A warm refuge from freezing nights
The night is dark and full of terrors. And it’s only worse when the temperature dips to bone-chilling levels. To provide shelters to those who don’t have a place to spend the night in the freezing December cold, the municipal corporation has set up 11 night shelters in the city, where one can take a warm refuge after showing an identity card.
One such shelter is about 200 metres away from the Postgraduate Institute of Medical Education and Research (PGIMER)’s gate number 1 where two white tarpaulin tents have been set up which can accommodate around 150 people.
Sadarajinder, 28, the caretaker of the shelter, says, “We have space for around 150 people and we provide people quilts, mattresses and pillows to all seeking shelter here. We have got a good response so far.”
He reveals how there were only seven people at the night shelter on December 19 when the municipal corporation first threw it open. “Now, these are almost full by the night,” he says.
However, people who are drunk are not allowed to enter. “We deal strictly with people who come under the influence of liquor here. Last year, they used to misbehave but this time, police is also making frequent rounds here to ensure there is no trouble. The cops have also given us their contact number for emergency situations,” adds Sadarajinder.
Rahul Yadav, 29, a native of Bihar, who has come for his mother’s treatment at PGIMER, says the night shelters are a good initiative. “Earlier, it was very difficult to find a shelter near the institute. There are other shelters that are run by organisations on PGI campus but those are always full. We hope the government continues this initiative even in summers,” he adds.
SCOPE FOR IMPROVEMENT
A kilometre away is the shelter near the Government Multispeciality Hospital, Sector 16. Narender Kumar, 32, of Hisar in Haryana, who has been sleeping in the shelter for the last three nights, says that though there aren’t many problems, there is always scope for improvement.
“They have made good arrangements here. Lights, heaters, quilt, mattresses are available but you still feel cold. Even they cannot really help in this, especially when patients are sleeping here,” said Kumar.
Similarly, inhabitants say the toilets should be cleaned by authorities more frequently.
“The toilet vans should be cleaned more frequently as they start emitting foul smell which can be dangerous for patients and other too,” said Sushil, an attendant said.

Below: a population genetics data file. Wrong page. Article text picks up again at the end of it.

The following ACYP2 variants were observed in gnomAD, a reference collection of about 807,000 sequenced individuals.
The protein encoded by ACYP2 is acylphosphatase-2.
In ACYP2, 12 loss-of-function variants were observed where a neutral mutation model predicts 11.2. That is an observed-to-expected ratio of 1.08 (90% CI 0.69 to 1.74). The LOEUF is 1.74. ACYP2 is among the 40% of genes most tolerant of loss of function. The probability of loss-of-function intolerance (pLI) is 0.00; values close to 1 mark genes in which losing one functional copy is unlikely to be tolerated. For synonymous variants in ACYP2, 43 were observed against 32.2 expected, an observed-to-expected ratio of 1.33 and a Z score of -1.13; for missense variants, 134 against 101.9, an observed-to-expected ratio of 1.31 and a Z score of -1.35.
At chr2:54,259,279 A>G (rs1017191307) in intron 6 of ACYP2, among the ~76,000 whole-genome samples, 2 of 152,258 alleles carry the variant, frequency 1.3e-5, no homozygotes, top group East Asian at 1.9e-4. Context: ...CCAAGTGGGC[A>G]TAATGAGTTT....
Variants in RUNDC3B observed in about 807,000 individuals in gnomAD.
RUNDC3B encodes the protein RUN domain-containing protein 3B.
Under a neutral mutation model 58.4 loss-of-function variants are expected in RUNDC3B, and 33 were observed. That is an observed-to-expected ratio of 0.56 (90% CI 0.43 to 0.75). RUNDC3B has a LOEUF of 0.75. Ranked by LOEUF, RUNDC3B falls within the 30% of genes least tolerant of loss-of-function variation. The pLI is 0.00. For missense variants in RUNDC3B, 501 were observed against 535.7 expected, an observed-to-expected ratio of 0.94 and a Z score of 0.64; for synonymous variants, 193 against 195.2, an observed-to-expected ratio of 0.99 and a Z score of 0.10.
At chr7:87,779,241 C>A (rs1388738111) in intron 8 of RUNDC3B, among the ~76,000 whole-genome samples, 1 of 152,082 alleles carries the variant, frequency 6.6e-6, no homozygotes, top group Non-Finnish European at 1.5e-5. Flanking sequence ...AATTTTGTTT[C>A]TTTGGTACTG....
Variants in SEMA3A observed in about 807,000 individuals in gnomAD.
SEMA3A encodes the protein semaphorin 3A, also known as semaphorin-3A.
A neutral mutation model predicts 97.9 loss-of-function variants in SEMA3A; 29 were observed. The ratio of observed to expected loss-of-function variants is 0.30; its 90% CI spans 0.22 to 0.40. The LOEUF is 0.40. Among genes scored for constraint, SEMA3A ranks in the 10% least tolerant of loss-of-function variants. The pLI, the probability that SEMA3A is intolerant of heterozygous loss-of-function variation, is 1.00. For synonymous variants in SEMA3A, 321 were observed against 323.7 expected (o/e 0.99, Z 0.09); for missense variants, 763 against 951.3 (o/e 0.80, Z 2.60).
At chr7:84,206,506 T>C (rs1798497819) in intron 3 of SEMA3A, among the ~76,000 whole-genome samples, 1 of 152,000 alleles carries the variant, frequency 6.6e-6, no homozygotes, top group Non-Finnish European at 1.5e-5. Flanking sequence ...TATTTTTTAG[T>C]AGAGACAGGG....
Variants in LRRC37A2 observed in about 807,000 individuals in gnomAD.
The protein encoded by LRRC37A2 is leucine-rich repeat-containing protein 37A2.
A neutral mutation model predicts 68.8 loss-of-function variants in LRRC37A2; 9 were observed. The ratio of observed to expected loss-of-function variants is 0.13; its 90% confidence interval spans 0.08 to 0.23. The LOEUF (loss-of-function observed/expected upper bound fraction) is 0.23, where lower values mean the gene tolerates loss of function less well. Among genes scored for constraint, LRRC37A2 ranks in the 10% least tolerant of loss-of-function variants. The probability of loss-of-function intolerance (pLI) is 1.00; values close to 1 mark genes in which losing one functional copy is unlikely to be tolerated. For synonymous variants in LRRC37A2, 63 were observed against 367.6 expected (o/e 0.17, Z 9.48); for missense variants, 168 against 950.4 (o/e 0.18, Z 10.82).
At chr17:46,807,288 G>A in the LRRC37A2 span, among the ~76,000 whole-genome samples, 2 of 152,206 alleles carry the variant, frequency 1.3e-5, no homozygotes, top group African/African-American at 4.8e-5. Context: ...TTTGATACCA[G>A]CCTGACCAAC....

EIGHT SHELTERS IN P’KULA
In Panchkula, there are around eight night shelters. Five of these are in Panchkula city, of which two are permanent and three are set up during the winter season, while one is in Kalka and two are in Pinjore.
MC commissioner Rajesh Jogpal said that in Panchkula, the night shelters are operational at Sector 5 bus stand, Sector 8 market, Sector 11, Sector 16 and in Red Cross Society, Sector 15. He said these shelters have space for 30 to 100 persons at a time and facilities like quilts, pillow, drinking water and toilets are provided to them.
“Most people who come here are either homeless or have come from other states or districts. To avoid any inconvenience, we have arranged some heaters,” said Jogpal.
While most shelters in Panchkula have a capacity of 20, the one at the old-age home in Sector 15 can accommodate 100 persons. In Pinjore, the night shelter at Rattpur colony has space for 30 persons while the other one at a community centre on Bitna road, Pinjore, also has similar arrangements.
In Kalka, the night shelter is located behind the MC zone office. Those wanting to stay are provided beds, quilts and mattresses. Currently, renovation work is underway at the shelter. Once complete, there would be two more rooms and a hall where the homeless can seek refuge. Facilities such as washing machine, television, water purifier and heater are also on the cards as per officials.
42-BED SHELTER IN MOHALI
Under the National Urban Livelihoods Mission, the Punjab government has started a shelter for the homeless in Mohali. Located in Phase 6, it has a capacity of 42 beds. But due to lack of awareness about the shelter, it sees only around 10 to 12 visitors a night.
Rohit Salhotra from Gurdaspur, who was staying in the family room, while praising the facility said, “We have been staying here for the past four days along. My mother is undergoing treatment at PGI and my family spends nights here as we feel safe.”
He added that since the facility is available here, authorities should start awareness drives in the area so that nobody sleeps in cold.